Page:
Map of the Battle of Jena from F. N. Maude’s 1909 work, 1806: The Jena Campaign. The French are in red. Note the French formation north advancing in column preceded by skirmishers. Note that other French formations have redeployed into line to engage the enemy, and notice the Prussians and Saxons have deployed their cavalry on the wings and infantry in the center, just like the good old days of Frederick the Great.
Prussian Infantry: 1. Fusilier, 40th Regiment 1806 2. Drummer 1806 3. Musketeer, 43rd Regiment 1806 4. Jaeger 1806 5. Staff officer 1806
14 October 1806
French: At Jena: 46,000 to 54,000 men. Commander: Napoleon Bonaparte. At Auerstädt: 26,000 men. Commander: Marshal Louis Davout.
Prussian: At Jena: 55,000 men. Commander: Prince Frederick Hohenlohe. At Auerstädt: 50,000 men. Commander: Karl Wilhelm, duke of Brunswick.
Disastrous Prussian defeat led to complete reform of the Prussian military, most importantly the establishment of the General Staff system, leading to the dominance of Prussian military in Europe.
In 1805, Napoleon was at the height of his power and talent. Although unable to launch his proposed invasion of Great Britain that year, he employed the army set aside for that purpose in the two battles that best showed his genius: Ülm and Austerlitz. Austrian General Mack was so swiftly surrounded at Ülm (20 October 1805) that he had no choice but to surrender before giving battle; at Austerlitz (2 December 1805), Napoleon’s army crushed a combined Austro-Russian force. The alliance between Russia and Austria was dissolved at that point, but the fact that Prussia had been urged to join it and had hesitated certainly contributed to the outcome at Austerlitz. Prussian King Frederick William III vacillated in the months preceding the battle, unsure if Austria would conclude a separate peace after he joined Austria and Russia. Napoleon had offered him an alliance and possession of the state of Hanover if he joined with France, but the war party in Prussia argued strongly against subordinating Prussia to Napoleon. Frederick William’s hesitance doomed the Austrians and Russians at Austerlitz.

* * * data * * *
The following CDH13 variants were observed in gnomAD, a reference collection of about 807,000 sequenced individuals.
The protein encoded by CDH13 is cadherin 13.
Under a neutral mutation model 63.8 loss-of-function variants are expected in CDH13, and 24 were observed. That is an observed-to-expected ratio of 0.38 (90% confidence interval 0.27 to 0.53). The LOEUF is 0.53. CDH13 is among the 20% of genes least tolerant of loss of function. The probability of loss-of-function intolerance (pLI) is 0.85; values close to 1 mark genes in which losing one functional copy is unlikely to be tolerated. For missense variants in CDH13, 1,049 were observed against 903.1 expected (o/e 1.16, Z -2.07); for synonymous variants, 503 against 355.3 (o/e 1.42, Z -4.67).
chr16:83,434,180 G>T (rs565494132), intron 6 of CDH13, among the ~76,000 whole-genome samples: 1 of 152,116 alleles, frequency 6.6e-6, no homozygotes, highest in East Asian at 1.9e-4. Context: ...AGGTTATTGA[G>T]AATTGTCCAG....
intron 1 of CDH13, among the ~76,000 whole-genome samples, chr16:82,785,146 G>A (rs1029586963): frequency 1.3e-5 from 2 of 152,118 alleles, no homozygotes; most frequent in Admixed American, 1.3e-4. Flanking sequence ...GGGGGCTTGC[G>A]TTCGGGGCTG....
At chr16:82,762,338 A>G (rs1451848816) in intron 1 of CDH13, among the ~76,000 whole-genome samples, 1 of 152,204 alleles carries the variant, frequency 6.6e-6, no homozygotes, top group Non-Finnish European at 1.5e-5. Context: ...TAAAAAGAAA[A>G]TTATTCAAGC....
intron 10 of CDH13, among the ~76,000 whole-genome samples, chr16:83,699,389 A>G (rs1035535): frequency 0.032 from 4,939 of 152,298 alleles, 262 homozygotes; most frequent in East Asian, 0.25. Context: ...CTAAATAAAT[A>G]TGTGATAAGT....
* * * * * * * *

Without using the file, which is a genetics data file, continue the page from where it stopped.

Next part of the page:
Soon after the battle, Prussia did accept Napoleon’s offer, for Frederick William lusted after Hanover. Unfortunately, so did Great Britain, which had previously dominated that German state through the ruling House of Hanover, which occupied the British throne. In the early months of 1806, Britain negotiated with Napoleon over territories in Italy and Germany, and Napoleon made overtures of returning Hanover to Britain. Further, Napoleon forced on Prussia an agreement ceding the Duchy of Cleves and forcing cooperation with the Continental System, the French emperor’s economic warfare against Britain wherein all the Continent would cease trade with it. The potential loss of Hanover and the definite loss of income from British trade aroused Frederick William, and he finally swung his support to the war party in the Prussian court. With the inclusion of 20,000 soldiers from the allied state of Saxony, the Prussians could field an army of just over 200,000 men.
That swing affected Russia, which was also in the midst of talks with Napoleon concerning the recognition of territorial adjustments in Italy. The proposed agreement would establish Napoleon’s power in Italy through states that he established, give Russia a free hand in the Balkans, and also withdraw French troops from German territory. Seeing Prussia grow hostile encouraged Czar Alexander to reject the proposed French treaty and instead begin to treat with Frederick William, but any potential assistance from Russia was too far away.
The Prussian army had long held a position of highest respect in Europe, thanks to the organization and reputation of Frederick the Great. In the middle of the eighteenth century, he had made Prussia a power to be respected because of his own genius and the organization of the army, which he inherited from his father, Frederick I. In the War of the Austrian Succession (1747–1750) and the Seven Years’ War (1757–1763), Frederick the Great had consistently shown more skill and daring than any of his opponents, and the iron discipline that he forced on his men made them virtual automatons doing his will. The only problem with such a system was that it depended on an extremely talented leader, but, after Frederick’s death, no later monarch had his vision or competence. The army was the same, but its command was not. Still, the reputation endured, and Napoleon had not yet fought such an established military force. Napoleon knew, however, that the men in charge of the Prussian army, from the king through the upper ranks, were still thinking in terms of Frederick the Great’s time, and Napoleon’s army had changed all the rules. Depending on that ultraconservatism in his enemy, Napoleon on 7 October rejected an ultimatum from Frederick William to leave German lands. It took him only a week to prove to Prussia that their army was not what it used to be.